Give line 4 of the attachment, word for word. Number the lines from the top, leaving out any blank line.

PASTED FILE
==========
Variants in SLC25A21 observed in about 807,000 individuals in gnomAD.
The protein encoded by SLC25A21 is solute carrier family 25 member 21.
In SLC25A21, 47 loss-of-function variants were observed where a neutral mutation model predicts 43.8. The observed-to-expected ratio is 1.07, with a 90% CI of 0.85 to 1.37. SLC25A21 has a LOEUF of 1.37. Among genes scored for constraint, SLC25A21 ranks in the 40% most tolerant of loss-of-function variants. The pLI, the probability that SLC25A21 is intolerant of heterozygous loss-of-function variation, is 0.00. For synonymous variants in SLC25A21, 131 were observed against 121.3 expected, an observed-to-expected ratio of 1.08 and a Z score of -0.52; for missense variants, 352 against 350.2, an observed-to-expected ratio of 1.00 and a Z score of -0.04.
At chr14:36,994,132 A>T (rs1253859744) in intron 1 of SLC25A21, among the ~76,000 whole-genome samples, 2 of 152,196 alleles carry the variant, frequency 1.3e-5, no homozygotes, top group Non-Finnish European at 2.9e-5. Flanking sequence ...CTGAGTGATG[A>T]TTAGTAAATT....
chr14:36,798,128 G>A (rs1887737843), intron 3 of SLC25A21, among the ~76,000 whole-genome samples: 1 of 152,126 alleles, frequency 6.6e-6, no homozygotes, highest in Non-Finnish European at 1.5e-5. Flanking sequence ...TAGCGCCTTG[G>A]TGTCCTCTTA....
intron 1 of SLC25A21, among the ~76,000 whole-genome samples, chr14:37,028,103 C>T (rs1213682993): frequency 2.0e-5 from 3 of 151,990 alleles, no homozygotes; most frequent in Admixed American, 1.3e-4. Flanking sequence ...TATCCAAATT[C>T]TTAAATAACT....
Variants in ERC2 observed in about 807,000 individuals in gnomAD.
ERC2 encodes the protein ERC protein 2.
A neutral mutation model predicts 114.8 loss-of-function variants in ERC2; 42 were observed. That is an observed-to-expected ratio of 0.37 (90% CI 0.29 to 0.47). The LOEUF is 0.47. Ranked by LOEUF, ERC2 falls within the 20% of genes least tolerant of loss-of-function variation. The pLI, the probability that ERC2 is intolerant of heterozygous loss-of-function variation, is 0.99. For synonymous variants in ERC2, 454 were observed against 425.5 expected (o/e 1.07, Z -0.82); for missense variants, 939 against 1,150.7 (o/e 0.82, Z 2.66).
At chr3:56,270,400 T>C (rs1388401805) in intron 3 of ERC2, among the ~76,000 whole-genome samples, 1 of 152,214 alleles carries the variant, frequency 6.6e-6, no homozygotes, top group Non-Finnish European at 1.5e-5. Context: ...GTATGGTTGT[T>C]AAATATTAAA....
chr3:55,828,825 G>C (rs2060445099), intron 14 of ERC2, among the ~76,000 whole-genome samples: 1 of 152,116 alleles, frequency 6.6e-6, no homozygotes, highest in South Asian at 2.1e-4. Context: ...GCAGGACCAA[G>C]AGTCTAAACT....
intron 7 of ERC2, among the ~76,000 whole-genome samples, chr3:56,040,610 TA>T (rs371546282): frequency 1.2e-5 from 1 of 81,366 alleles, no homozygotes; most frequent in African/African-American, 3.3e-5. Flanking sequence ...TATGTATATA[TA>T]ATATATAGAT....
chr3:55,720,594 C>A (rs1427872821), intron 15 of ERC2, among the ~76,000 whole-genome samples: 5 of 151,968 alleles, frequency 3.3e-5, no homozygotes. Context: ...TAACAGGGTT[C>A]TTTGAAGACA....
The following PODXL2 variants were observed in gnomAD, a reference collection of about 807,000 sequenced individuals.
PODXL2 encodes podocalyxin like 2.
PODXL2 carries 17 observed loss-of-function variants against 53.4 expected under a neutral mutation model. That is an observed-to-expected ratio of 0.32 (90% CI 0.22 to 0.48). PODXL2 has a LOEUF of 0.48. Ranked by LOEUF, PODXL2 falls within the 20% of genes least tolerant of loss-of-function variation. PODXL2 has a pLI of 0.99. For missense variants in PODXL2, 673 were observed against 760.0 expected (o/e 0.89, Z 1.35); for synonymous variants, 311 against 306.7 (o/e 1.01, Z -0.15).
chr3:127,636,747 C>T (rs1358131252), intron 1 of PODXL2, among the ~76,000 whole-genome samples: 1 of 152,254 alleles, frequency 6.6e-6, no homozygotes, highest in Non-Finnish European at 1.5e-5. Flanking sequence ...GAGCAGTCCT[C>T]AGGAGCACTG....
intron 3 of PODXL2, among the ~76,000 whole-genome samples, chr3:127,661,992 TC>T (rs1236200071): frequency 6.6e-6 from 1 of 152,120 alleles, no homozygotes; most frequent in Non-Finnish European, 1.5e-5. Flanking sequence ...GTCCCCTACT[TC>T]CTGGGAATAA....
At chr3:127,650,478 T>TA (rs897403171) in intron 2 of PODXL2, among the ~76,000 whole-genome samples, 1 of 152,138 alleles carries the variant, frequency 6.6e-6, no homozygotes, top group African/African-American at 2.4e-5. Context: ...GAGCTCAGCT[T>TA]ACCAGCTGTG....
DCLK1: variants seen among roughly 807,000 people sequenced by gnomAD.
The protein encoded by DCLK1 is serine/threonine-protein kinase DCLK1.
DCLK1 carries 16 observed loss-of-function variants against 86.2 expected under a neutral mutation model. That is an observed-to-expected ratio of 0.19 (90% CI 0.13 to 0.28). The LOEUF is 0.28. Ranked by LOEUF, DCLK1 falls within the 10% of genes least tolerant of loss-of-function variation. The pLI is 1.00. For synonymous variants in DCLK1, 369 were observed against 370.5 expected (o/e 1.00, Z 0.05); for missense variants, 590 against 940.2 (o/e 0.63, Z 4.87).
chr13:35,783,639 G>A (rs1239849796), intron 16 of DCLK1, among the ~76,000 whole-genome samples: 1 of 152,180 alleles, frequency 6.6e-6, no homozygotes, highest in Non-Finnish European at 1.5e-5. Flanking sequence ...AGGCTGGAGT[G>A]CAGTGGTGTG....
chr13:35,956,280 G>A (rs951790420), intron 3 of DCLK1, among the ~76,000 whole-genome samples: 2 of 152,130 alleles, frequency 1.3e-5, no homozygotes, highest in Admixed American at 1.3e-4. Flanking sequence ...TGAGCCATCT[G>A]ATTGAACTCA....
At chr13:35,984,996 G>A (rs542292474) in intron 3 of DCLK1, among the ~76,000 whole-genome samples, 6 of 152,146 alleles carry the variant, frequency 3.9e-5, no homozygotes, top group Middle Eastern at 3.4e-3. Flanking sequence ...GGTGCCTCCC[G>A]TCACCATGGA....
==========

At chr14:36,994,132 A>T (rs1253859744) in intron 1 of SLC25A21, among the ~76,000 whole-genome samples, 2 of 152,196 alleles carry the variant, frequency 1.3e-5, no homozygotes, top group Non-Finnish European at 2.9e-5. Flanking sequence ...CTGAGTGATG[A>T]TTAGTAAATT....